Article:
A new plan fronted by President Uhuru Kenyatta on how counties can share billions of shillings has run into headwinds in the Senate.
The plan is facing resistance from allies of both Deputy President William Ruto and ODM leader Raila Odinga.
The formula to guide how 47 counties will share Sh316.5 billion has the three leaders on the horns of a dilemma because although their respective backyards are reaping big, they have to manage the potential backlash from regions that are losing the most.
President Kenyatta reportedly directed the Senate leadership to convene an informal sitting last Friday to facilitate passage of the contentious formula proposed by the Commission on Revenue Allocation to unlock cash disbursements to counties for the new financial year.
Following the meeting, Senate Majority Leader Samuel Poghisio requested a special sitting on Monday. But after the mood of the meeting reportedly turned hostile, Speaker Ken Lusaka convened another kamukunji in the morning to avert possible rejection of the formula during the afternoon sitting.
Senators failed to hammer out a compromise during the second kamukunji chaired by Deputy Speaker Margaret Kamar, prompting Busia Senator Amos Wako to lobby for members to be allowed to consider amendments to the report tabled by the Finance Committee.
The committee report has kicked up a storm because if adopted by the Senate, it would see counties in the Coast, Lower Eastern, Maa, Northern Kenya, and parts of western Kenya lose about Sh20 billion.
These regions constitute a constituency that is perceived to be Raila’s stronghold, and which Ruto is working to court to shore up his chances of clinching the presidency.
Although counties in Ruto’s Rift Valley backyard, namely Uasin Gishu, Nandi and Nakuru are among the biggest winners set to reap over Sh1 billion each, it was telling that Senator Kipchumba Murkomen, whose Elgeyo Marakwet is earmarked to gain an extra Sh329 million, was among those who opposed the proposed formula.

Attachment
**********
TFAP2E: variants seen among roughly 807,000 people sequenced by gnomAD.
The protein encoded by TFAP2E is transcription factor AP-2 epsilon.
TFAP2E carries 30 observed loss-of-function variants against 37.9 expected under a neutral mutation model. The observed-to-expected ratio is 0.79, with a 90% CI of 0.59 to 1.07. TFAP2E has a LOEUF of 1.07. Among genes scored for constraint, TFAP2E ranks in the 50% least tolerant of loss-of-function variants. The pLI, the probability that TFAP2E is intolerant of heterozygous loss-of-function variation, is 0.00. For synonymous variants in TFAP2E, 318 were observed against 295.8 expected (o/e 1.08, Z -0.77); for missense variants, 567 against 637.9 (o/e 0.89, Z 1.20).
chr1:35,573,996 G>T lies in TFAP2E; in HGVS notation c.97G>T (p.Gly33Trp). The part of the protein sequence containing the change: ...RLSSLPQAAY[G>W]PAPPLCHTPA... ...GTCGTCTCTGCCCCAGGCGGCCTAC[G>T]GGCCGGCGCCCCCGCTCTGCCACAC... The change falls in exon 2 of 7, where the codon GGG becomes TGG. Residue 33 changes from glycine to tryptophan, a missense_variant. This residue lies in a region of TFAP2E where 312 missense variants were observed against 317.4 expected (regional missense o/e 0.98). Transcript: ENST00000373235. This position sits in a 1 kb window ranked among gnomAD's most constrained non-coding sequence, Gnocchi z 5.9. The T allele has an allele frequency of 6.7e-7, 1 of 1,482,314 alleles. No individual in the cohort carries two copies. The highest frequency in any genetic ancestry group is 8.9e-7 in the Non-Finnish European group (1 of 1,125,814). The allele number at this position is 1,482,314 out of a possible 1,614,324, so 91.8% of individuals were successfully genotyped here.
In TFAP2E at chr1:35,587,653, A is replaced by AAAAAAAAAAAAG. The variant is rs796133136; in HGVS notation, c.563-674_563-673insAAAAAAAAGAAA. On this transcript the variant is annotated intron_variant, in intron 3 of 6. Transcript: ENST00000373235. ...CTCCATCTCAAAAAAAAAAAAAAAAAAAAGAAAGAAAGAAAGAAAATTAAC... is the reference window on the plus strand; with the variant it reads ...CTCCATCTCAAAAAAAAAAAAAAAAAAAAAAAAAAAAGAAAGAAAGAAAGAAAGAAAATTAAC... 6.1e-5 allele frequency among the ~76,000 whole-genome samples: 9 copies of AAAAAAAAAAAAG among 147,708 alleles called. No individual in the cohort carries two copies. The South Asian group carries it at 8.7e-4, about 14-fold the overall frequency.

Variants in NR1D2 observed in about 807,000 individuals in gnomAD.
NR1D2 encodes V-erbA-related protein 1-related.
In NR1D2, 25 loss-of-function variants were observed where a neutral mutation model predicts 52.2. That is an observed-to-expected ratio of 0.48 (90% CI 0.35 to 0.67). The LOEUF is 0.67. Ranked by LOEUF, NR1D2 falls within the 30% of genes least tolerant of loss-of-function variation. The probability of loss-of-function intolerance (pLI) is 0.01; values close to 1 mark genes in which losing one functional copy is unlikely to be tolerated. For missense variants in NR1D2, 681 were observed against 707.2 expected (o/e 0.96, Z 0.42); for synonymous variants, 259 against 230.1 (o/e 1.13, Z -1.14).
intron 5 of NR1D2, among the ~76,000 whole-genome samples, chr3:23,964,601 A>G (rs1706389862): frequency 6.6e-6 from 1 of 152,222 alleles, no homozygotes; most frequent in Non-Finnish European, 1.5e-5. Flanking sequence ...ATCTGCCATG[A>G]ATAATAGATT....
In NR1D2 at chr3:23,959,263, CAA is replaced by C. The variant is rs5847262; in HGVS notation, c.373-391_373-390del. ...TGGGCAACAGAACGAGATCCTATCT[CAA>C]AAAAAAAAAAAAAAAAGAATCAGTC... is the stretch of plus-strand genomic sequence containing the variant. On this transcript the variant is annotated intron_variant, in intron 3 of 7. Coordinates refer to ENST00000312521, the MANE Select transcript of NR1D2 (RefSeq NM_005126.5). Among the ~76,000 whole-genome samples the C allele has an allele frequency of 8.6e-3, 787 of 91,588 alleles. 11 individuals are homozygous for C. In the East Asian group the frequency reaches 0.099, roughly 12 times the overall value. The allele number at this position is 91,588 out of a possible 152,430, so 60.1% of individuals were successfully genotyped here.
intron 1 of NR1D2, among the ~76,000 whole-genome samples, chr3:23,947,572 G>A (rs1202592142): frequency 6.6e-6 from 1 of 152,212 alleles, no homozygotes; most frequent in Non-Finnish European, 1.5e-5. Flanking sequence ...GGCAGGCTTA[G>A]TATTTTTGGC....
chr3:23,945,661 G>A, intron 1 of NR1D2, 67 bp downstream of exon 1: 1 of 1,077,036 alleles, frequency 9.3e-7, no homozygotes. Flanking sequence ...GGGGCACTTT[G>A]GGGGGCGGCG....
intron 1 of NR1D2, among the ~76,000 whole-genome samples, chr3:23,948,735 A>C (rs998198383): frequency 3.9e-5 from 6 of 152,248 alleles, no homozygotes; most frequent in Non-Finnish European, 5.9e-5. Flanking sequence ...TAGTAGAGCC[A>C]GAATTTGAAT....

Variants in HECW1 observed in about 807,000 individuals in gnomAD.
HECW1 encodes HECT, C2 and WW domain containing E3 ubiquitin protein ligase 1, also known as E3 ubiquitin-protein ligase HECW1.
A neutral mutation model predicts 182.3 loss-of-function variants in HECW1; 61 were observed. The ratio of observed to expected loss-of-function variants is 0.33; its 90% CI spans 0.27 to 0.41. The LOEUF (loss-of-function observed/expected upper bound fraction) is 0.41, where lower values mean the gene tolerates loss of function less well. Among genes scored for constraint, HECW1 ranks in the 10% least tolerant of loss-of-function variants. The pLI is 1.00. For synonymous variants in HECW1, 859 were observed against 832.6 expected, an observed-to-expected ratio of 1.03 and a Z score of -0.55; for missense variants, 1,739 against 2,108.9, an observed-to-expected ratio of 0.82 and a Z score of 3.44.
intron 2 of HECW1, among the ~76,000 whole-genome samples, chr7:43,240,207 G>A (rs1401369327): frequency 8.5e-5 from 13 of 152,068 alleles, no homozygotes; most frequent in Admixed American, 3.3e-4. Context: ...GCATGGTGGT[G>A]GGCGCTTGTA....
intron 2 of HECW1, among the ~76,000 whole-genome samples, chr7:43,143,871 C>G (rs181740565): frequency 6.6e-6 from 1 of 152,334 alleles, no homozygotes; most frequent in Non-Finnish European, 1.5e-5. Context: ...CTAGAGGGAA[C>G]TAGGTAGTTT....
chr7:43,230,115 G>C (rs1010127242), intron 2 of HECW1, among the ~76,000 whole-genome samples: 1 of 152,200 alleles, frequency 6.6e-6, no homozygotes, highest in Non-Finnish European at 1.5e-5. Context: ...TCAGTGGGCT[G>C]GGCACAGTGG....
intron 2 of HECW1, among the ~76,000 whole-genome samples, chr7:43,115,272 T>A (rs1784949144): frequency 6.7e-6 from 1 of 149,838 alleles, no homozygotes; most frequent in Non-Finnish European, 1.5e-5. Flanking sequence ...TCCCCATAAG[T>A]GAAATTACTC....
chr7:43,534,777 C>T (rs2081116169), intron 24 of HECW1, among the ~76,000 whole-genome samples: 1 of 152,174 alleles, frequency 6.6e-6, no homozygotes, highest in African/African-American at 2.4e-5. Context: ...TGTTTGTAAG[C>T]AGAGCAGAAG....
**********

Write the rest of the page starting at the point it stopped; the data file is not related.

“The formula suggested by the committee is divisive because some counties are going to lose colossal amounts of money. Let’s pass the County Allocation of Revenue Bill, 2020, share out the money using the existing formula and take one year to deliberate on the new formula to make everyone happy,” Murkomen said.
He continued: “My request is to leave this process to senators to allow it come to a conclusion. Let us not allow external interference.”
Tharaka Nithi Senator Kithure Kindiki, who was recently ousted as deputy speaker, said they would fight the proposed formula to the end.
“In the unlikely event we lose on the floor of the House, we will use the available avenues to ensure counties are resourced adequately. We will oppose the formula not only because it affects my county, but I stand with the 18 others also set to lose as it is against the spirit of the 2010 Constitution,” Kindiki said.
Minority Leader James Orengo moved an adjournment motion which saw the vote on the formula postponed to allow consensus after the contentious report was tabled in the House.
“The reason for adjournment is for members to look at the amendments proposed by senators on the proposed formula. This House should allow senators to build consensus on the matter of third basis for shareable revenue among the county governments,” Orengo argued.